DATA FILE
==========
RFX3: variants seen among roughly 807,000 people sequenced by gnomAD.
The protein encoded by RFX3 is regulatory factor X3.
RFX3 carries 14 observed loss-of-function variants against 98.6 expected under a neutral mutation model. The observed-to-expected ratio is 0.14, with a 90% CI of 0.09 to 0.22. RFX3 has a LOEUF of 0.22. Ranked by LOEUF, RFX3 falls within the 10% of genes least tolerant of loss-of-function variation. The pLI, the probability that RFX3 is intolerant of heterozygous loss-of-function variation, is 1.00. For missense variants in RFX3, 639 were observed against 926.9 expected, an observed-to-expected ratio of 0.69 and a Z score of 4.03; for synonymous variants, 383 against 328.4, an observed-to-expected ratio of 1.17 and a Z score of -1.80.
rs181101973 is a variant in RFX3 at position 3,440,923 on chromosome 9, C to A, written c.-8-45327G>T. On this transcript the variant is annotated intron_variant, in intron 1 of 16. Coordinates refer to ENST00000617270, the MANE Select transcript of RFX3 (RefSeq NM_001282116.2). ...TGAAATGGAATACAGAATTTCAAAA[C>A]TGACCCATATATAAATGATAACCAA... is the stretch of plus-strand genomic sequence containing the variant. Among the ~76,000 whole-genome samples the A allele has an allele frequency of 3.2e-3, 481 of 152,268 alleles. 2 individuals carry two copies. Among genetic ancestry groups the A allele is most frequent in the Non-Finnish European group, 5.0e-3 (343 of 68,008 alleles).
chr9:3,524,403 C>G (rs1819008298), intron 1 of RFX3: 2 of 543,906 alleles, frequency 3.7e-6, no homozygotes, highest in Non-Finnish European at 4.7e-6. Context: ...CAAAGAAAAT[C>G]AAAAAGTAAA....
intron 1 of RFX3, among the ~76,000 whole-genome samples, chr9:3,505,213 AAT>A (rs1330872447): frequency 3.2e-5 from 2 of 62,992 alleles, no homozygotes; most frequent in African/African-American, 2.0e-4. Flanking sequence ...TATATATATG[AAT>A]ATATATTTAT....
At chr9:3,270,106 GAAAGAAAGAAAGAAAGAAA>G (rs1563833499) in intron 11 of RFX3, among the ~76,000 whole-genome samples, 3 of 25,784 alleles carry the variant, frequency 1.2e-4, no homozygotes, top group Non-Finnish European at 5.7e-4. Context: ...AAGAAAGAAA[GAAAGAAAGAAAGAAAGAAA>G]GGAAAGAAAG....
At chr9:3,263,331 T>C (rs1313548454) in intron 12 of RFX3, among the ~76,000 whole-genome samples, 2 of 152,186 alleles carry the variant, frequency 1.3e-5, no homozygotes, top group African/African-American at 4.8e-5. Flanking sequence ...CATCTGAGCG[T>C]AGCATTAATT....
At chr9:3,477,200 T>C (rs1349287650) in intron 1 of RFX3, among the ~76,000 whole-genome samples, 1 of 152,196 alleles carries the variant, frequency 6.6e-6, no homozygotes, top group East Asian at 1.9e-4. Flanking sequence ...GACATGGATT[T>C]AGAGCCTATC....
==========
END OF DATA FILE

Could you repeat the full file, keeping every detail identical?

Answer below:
RFX3: variants seen among roughly 807,000 people sequenced by gnomAD.
The protein encoded by RFX3 is regulatory factor X3.
RFX3 carries 14 observed loss-of-function variants against 98.6 expected under a neutral mutation model. The observed-to-expected ratio is 0.14, with a 90% CI of 0.09 to 0.22. RFX3 has a LOEUF of 0.22. Ranked by LOEUF, RFX3 falls within the 10% of genes least tolerant of loss-of-function variation. The pLI, the probability that RFX3 is intolerant of heterozygous loss-of-function variation, is 1.00. For missense variants in RFX3, 639 were observed against 926.9 expected, an observed-to-expected ratio of 0.69 and a Z score of 4.03; for synonymous variants, 383 against 328.4, an observed-to-expected ratio of 1.17 and a Z score of -1.80.
rs181101973 is a variant in RFX3 at position 3,440,923 on chromosome 9, C to A, written c.-8-45327G>T. On this transcript the variant is annotated intron_variant, in intron 1 of 16. Coordinates refer to ENST00000617270, the MANE Select transcript of RFX3 (RefSeq NM_001282116.2). ...TGAAATGGAATACAGAATTTCAAAA[C>A]TGACCCATATATAAATGATAACCAA... is the stretch of plus-strand genomic sequence containing the variant. Among the ~76,000 whole-genome samples the A allele has an allele frequency of 3.2e-3, 481 of 152,268 alleles. 2 individuals carry two copies. Among genetic ancestry groups the A allele is most frequent in the Non-Finnish European group, 5.0e-3 (343 of 68,008 alleles).
chr9:3,524,403 C>G (rs1819008298), intron 1 of RFX3: 2 of 543,906 alleles, frequency 3.7e-6, no homozygotes, highest in Non-Finnish European at 4.7e-6. Context: ...CAAAGAAAAT[C>G]AAAAAGTAAA....
intron 1 of RFX3, among the ~76,000 whole-genome samples, chr9:3,505,213 AAT>A (rs1330872447): frequency 3.2e-5 from 2 of 62,992 alleles, no homozygotes; most frequent in African/African-American, 2.0e-4. Flanking sequence ...TATATATATG[AAT>A]ATATATTTAT....
At chr9:3,270,106 GAAAGAAAGAAAGAAAGAAA>G (rs1563833499) in intron 11 of RFX3, among the ~76,000 whole-genome samples, 3 of 25,784 alleles carry the variant, frequency 1.2e-4, no homozygotes, top group Non-Finnish European at 5.7e-4. Context: ...AAGAAAGAAA[GAAAGAAAGAAAGAAAGAAA>G]GGAAAGAAAG....
At chr9:3,263,331 T>C (rs1313548454) in intron 12 of RFX3, among the ~76,000 whole-genome samples, 2 of 152,186 alleles carry the variant, frequency 1.3e-5, no homozygotes, top group African/African-American at 4.8e-5. Flanking sequence ...CATCTGAGCG[T>C]AGCATTAATT....
At chr9:3,477,200 T>C (rs1349287650) in intron 1 of RFX3, among the ~76,000 whole-genome samples, 1 of 152,196 alleles carries the variant, frequency 6.6e-6, no homozygotes, top group East Asian at 1.9e-4. Flanking sequence ...GACATGGATT[T>C]AGAGCCTATC....